Abstract: Understanding How Organizational Culture Shapes the Experience of Direct Support Professionals Who Work with People with Intellectual and Developmental Disabilities: A Meta-Synthesis (Society for Social Work and Research 28th Annual Conference - Recentering & Democratizing Knowledge: The Next 30 Years of Social Work Science)

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703P Understanding How Organizational Culture Shapes the Experience of Direct Support Professionals Who Work with People with Intellectual and Developmental Disabilities: A Meta-Synthesis

Sunday, January 14, 2024
Marquis BR Salon 6, ML 2 (Marriott Marquis Washington DC)
* noted as presenting author
Amy Pei-Lung Yu, MSW, PhD Student, University of Texas at Austin, Austin, TX

Background and Purpose: Direct support professionals (DSPs) are central to the quality of life of people with intellectual and developmental disabilities (IDD), yet high turnover rates significantly affect the quality and consistency of their services. Studies on DSP turnover have found that a supportive work environment, including fair wages and workload, is key to job retention and satisfaction. Given that DSPs are critically important to the people they support, further investigation on how organizational culture shapes the full experience of DSPs is warranted. To the author’ knowledge, this is the first meta-synthesis (i.e., systematic review in qualitative research) that integrates findings across individual qualitative studies and develops an overarching interpretation of the phenomenon to better inform research, policy, and practice.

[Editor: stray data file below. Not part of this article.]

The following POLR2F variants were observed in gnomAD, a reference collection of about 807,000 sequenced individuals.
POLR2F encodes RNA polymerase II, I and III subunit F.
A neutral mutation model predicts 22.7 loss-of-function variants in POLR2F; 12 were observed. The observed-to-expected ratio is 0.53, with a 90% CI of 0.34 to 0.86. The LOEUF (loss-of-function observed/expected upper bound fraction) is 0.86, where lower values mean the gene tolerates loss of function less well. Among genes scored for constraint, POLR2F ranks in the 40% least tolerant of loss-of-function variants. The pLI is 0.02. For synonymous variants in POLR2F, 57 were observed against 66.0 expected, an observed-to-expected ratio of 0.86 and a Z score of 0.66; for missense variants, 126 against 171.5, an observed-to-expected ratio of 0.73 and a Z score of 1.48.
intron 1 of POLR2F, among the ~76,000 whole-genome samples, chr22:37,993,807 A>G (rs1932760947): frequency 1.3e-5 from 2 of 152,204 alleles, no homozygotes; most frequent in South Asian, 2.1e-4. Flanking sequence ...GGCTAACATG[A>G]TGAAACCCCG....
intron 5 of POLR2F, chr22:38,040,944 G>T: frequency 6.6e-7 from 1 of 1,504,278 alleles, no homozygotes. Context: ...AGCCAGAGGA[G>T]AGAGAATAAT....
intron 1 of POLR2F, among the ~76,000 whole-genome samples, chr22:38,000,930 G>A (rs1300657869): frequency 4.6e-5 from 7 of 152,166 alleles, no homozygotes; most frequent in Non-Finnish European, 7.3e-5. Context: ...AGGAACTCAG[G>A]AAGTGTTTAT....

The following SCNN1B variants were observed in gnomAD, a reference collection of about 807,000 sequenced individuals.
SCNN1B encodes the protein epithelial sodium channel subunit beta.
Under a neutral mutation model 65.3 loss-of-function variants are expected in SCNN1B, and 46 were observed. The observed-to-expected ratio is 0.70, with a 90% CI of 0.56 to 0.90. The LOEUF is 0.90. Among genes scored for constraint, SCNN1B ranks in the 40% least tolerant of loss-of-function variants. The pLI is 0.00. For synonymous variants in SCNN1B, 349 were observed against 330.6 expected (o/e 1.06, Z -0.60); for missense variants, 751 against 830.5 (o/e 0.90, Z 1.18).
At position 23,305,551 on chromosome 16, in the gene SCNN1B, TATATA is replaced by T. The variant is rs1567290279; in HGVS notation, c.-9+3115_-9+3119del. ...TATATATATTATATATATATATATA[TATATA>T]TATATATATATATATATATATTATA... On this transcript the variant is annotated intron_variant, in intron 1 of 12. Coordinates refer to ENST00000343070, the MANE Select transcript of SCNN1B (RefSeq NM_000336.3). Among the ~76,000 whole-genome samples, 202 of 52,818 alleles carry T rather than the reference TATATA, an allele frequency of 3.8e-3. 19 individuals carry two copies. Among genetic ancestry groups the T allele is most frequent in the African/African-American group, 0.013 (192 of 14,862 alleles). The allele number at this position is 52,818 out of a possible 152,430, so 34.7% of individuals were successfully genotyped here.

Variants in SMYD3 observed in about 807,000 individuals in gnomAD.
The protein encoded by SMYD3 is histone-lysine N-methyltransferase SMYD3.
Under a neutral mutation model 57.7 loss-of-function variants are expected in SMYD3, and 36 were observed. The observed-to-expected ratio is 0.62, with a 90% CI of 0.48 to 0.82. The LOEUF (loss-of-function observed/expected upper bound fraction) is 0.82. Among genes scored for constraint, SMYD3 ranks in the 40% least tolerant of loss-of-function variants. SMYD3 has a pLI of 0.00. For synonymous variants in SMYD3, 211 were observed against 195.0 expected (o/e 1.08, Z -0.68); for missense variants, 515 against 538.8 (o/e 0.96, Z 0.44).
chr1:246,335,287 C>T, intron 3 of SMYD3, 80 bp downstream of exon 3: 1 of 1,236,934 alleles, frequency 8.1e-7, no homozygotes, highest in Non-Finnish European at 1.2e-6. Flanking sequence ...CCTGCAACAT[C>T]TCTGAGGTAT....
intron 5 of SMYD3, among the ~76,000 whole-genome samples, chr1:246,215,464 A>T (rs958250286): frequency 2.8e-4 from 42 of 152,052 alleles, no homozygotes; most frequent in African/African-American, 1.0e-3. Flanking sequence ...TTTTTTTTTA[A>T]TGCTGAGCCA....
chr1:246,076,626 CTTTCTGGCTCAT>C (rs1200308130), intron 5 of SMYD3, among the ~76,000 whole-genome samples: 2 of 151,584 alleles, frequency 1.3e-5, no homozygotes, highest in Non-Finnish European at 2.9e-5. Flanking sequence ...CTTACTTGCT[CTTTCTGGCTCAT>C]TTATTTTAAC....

Methods: This study utilized a meta-synthesis to understand how organizational culture shapes the experience of DSPs. The initial search identified 885 articles with relevant terms in six databases and two journal websites that were published from 2010 to 2023. Studies were included if they were (a) written in English, (b) focused on the lived experience of DSPs, (c) primary research, and (d) conducted using qualitative methods. After screening the titles and abstracts, 17 articles were selected for full-text review. Of the 17 articles, seven articles met all inclusion criteria and reported a substantial number of direct quotes from the participants. Using inductive thematic analysis, the author began with open coding and allowed the codes and themes to emerge during the integration and synthesis phase.

Results: The initial findings show that while DSPs across different countries perceived their work as worthy and rewarding, they did not feel valued or supported by the management both monetarily and professionally (e.g., low wages and minimal training). Oftentimes, the relationship between the DSPs and the management was hostile, due to conflicting expectations and a lack of communication. These tensions were apparent across all themes, and they were mostly indicative of a toxic work culture. After codebook development, data revealed an overarching theme with elements that were congruent with organizational justice within organizational culture literature. The findings suggest that DSPs react to fairness and justice perception through four different aspects of organizational justice: distributive justice (e.g., poorly compensated for the workload), procedural justice (e.g., no voice or a sense of process control), interactional justice (e.g., unfair interpersonal treatment by the authority), and relational justice (e.g., lack a sense of belonging).

Conclusion and Implications: This meta-synthesis revealed the collective experience of DSPs through organizational justice within an organizational culture framework. Understanding the experience through a justice perspective helps us predict variances in work attitude and behaviors as well as job retentions and turnovers. Notably, despite the differences in local culture and policies, the collective experience of DSPs across different countries was similar. The overall findings suggest that managing justice and fairness are critical to the longevity of DSPs and improvement of quality of life of people with IDD. Doing so requires a systemic commitment to create and foster a justice culture within direct support organizations.